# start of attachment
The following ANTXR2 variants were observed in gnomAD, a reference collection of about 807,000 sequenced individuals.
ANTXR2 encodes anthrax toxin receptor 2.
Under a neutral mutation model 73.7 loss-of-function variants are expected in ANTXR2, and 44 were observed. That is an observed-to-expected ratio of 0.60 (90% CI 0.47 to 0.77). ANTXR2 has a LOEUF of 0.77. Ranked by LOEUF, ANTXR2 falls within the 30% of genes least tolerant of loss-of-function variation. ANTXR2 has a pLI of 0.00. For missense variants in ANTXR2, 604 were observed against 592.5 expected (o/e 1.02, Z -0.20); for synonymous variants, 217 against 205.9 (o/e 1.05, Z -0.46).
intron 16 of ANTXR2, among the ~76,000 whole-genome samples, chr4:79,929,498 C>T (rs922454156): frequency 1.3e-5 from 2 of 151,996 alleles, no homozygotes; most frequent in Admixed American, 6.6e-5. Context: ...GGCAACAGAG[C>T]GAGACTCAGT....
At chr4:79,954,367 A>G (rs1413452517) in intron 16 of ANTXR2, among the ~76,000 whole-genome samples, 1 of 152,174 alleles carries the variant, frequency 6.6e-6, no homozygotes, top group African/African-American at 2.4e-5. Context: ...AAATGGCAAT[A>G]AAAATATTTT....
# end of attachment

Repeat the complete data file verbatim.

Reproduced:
The following ANTXR2 variants were observed in gnomAD, a reference collection of about 807,000 sequenced individuals.
ANTXR2 encodes anthrax toxin receptor 2.
Under a neutral mutation model 73.7 loss-of-function variants are expected in ANTXR2, and 44 were observed. That is an observed-to-expected ratio of 0.60 (90% CI 0.47 to 0.77). ANTXR2 has a LOEUF of 0.77. Ranked by LOEUF, ANTXR2 falls within the 30% of genes least tolerant of loss-of-function variation. ANTXR2 has a pLI of 0.00. For missense variants in ANTXR2, 604 were observed against 592.5 expected (o/e 1.02, Z -0.20); for synonymous variants, 217 against 205.9 (o/e 1.05, Z -0.46).
intron 16 of ANTXR2, among the ~76,000 whole-genome samples, chr4:79,929,498 C>T (rs922454156): frequency 1.3e-5 from 2 of 151,996 alleles, no homozygotes; most frequent in Admixed American, 6.6e-5. Context: ...GGCAACAGAG[C>T]GAGACTCAGT....
At chr4:79,954,367 A>G (rs1413452517) in intron 16 of ANTXR2, among the ~76,000 whole-genome samples, 1 of 152,174 alleles carries the variant, frequency 6.6e-6, no homozygotes, top group African/African-American at 2.4e-5. Context: ...AAATGGCAAT[A>G]AAAATATTTT....